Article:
Modeling Study of Ventilation, IAQ and Energy Impacts of Residential Mechanical Ventilation.
Modeling Study of Ventilation, IAQ and Energy Impacts of
Residential Mechanical Ventilation.
Persily, A. K.
NISTIR 6162; 85 p. May 1998.
Sponsor:Electric Power Research Institute, Palo Alto, CA
Available from: National Technical Information Service
(NTIS), Technology Administration, U.S. Department of
Commerce, Springfield, VA 22161.
1-800-553-6847 or 703-605-6000;
Order number: PB98-148737
ventilation; building performance; exposure; indoor air
quality; predictive models; residential buildings
Based on concerns about indoor air quality and trends
towards tighter envelope construction, there has been
increasing interest in mechanical ventilation in
residential buildings. A variety of ventilation
approaches have been examined through both field
measurements and computer simulation studies. This
paper reports on a simulation study of indoor air
quality, ventilation and energy impacts of several
mechanical ventilation approaches in a single-family
residential building. The study focused on a fictitious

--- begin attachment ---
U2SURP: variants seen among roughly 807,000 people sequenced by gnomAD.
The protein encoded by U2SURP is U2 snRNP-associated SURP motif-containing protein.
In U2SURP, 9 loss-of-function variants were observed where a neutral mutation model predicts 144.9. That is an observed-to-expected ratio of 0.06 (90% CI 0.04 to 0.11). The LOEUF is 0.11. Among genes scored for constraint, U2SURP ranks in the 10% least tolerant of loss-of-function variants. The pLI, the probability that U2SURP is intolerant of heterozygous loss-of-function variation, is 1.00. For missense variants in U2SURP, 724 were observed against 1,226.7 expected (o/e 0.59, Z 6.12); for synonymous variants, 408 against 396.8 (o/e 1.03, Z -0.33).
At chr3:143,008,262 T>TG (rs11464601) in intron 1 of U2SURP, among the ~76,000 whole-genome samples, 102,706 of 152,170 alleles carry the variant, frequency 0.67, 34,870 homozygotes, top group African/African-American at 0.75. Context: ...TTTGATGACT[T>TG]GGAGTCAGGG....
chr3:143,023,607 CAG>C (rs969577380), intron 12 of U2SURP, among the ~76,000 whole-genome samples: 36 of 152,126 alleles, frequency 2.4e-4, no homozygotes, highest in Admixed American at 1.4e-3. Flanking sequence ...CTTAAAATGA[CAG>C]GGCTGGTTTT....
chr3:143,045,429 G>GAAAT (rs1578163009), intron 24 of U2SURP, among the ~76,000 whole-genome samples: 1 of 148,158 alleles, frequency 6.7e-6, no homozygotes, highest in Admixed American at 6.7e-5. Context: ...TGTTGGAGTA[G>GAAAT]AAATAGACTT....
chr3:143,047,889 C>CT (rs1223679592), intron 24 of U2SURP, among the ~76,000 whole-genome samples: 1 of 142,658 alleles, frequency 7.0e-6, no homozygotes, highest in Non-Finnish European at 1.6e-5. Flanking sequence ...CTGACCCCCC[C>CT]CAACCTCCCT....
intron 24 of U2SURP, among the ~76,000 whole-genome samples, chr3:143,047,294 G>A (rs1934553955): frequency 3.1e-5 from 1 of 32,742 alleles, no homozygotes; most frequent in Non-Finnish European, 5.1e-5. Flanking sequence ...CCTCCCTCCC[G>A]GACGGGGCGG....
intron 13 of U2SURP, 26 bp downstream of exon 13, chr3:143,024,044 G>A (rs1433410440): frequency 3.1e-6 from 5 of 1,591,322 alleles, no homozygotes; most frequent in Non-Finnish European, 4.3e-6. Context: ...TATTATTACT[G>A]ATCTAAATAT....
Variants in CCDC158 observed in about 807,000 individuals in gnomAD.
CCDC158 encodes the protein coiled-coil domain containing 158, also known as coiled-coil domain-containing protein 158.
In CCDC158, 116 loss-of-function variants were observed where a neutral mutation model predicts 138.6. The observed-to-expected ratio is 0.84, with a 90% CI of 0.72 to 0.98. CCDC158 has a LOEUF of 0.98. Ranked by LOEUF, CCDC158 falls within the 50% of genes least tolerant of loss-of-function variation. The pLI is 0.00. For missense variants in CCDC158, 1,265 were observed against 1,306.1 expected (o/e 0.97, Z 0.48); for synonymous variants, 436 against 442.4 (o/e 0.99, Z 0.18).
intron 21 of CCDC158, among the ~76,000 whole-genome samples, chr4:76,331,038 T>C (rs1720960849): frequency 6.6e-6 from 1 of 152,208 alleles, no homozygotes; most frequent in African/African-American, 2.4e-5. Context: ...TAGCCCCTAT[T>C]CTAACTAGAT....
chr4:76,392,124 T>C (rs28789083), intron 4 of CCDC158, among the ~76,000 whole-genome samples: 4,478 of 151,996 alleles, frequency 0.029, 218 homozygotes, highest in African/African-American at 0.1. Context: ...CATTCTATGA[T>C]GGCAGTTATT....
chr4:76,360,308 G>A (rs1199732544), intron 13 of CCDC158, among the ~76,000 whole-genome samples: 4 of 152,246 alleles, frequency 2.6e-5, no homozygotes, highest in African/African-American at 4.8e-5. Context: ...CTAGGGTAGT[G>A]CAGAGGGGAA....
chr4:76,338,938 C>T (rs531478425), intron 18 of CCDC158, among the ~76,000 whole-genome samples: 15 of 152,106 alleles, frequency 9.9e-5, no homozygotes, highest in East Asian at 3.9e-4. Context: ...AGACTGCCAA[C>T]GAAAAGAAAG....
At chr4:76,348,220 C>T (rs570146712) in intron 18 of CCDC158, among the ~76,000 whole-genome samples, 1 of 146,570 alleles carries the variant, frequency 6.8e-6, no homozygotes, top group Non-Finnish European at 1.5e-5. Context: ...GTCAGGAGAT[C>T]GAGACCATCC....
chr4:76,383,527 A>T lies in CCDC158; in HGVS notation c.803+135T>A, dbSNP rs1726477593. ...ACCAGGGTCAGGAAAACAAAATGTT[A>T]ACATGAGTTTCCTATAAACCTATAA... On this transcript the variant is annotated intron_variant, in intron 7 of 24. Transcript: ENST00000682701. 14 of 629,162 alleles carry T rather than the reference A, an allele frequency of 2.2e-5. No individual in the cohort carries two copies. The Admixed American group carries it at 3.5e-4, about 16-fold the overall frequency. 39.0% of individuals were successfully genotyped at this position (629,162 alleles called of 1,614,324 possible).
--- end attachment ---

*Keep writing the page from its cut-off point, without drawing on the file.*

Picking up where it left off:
two-story house in Spokane, Washington and employed the
multizone airflow and contaminant dispersal model
CONTAM. The model of the house included a number of
factors related to airflow including exhaust fan and
forced-air system operation, duct leakage and weather
effects, as well as factors related to contaminant
dispersal including adsorption/desorption of water vapor
and volatile organic compounds, surface losses of
particles and nitrogen dioxide, outdoor contaminant
concentrations, and occupant activities. The
contaminants studied include carbon monoxide, carbon
dioxide, nitrogen dioxide, water vapor, fine and coarse
particles, and volatile organic compounds. One-year
simulations were performed for four different
ventilation approaches: a base case of envelope
infiltration only, passive inlet vents in combination
with exhaust fan operation, an outdoor intake duct
connected to the forced-air system return balanced by
exhaust fan operation, and a continuously-operated
exhaust fan. Results discussed include whole building
air change rates, air distribution within the house,
heating and cooling loads, contaminants concentrations,
and occupant exposure to contaminants.